Trauma-informed teaching in a narrative practice training context — Kristina Lainson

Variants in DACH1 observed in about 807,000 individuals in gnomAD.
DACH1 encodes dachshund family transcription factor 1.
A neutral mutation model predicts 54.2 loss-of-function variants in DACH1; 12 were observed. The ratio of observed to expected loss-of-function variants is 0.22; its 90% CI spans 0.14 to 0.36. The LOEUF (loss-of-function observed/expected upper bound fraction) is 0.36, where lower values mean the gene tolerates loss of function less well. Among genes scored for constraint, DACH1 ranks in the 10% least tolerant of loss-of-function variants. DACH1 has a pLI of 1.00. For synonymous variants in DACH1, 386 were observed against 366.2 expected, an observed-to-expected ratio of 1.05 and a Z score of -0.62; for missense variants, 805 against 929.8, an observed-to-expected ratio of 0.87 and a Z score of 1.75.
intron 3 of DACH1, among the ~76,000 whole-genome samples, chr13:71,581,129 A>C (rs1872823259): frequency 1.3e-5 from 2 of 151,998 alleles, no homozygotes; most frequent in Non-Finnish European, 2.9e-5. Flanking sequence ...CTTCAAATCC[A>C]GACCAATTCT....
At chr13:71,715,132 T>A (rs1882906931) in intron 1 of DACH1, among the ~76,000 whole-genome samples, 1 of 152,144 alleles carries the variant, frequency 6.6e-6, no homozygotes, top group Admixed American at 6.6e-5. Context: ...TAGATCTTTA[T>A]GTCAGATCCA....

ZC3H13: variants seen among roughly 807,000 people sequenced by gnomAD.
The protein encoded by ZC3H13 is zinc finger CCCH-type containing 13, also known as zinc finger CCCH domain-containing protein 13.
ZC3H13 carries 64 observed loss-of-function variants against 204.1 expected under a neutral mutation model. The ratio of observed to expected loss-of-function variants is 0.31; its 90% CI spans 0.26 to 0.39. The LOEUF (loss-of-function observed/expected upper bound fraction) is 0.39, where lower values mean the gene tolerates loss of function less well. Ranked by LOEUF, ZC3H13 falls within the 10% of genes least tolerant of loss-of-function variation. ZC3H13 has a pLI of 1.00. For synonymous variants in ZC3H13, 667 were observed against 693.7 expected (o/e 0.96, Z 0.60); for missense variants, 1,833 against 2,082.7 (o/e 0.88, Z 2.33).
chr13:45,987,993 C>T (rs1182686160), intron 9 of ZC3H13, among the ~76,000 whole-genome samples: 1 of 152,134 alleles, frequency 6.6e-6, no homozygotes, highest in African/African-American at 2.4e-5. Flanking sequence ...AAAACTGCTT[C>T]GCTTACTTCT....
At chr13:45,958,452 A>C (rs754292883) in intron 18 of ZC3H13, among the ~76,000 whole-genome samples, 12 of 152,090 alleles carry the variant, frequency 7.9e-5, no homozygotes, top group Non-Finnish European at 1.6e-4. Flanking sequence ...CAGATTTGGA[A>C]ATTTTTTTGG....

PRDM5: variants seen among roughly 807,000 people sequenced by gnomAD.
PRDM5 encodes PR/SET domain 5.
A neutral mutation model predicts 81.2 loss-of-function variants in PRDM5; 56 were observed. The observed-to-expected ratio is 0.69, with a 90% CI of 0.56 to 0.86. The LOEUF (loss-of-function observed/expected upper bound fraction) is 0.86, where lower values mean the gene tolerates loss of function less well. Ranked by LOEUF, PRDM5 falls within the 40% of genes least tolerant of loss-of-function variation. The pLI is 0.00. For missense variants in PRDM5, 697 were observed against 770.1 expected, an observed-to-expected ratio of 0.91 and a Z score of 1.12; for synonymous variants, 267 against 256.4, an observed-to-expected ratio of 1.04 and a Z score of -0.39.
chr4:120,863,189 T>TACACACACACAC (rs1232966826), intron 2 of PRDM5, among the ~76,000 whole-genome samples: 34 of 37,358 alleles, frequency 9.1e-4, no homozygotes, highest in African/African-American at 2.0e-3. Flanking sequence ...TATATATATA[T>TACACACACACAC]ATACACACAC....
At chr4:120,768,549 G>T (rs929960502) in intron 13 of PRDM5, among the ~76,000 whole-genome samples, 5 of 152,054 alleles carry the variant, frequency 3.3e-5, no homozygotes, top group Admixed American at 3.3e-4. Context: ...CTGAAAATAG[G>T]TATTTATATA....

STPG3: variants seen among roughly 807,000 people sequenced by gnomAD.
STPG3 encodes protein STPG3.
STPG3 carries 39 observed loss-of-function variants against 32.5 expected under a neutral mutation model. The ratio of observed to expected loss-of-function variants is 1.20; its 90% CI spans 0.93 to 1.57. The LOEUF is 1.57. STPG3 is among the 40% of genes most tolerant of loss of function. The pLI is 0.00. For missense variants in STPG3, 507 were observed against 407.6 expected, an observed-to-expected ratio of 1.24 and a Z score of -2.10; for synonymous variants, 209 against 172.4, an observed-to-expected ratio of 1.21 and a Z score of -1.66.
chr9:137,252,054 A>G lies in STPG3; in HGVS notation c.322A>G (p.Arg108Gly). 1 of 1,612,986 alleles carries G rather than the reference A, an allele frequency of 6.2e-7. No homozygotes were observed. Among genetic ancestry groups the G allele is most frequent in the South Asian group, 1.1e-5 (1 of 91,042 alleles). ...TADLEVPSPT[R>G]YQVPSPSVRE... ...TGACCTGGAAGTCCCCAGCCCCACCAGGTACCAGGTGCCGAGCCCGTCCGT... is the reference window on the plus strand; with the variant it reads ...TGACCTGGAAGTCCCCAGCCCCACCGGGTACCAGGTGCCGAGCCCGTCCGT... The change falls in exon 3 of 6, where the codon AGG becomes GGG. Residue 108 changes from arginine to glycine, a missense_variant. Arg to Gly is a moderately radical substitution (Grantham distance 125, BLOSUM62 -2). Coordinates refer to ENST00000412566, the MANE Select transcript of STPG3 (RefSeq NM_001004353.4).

Trigger or content warnings have become a common feature in higher education settings. Alongside their increasing use in the lecture theatre or classroom, a potentially divisive debate has arisen. Proponents for the use of trigger warnings view this practice as part of appropriate care-taking of students, making connections with trauma-informed practice. Others argue their increased use evidences a rise in problematic paternalistic attitudes that limit opportunities for rigorous and engaged learning. This debate becomes particularly meaningful where students are part of training programs that ultimately provide them with entry into professions that will expose them to difficult contexts, creating an imperative to prepare them for the work they may be doing. This article discusses the implications of this debate for narratively informed training contexts. By drawing on narrative ideas it outlines opportunities for attending to both sides of this debate, highlighting shared concerns and establishing a range of practices that offer practical solutions to address this complex dilemma.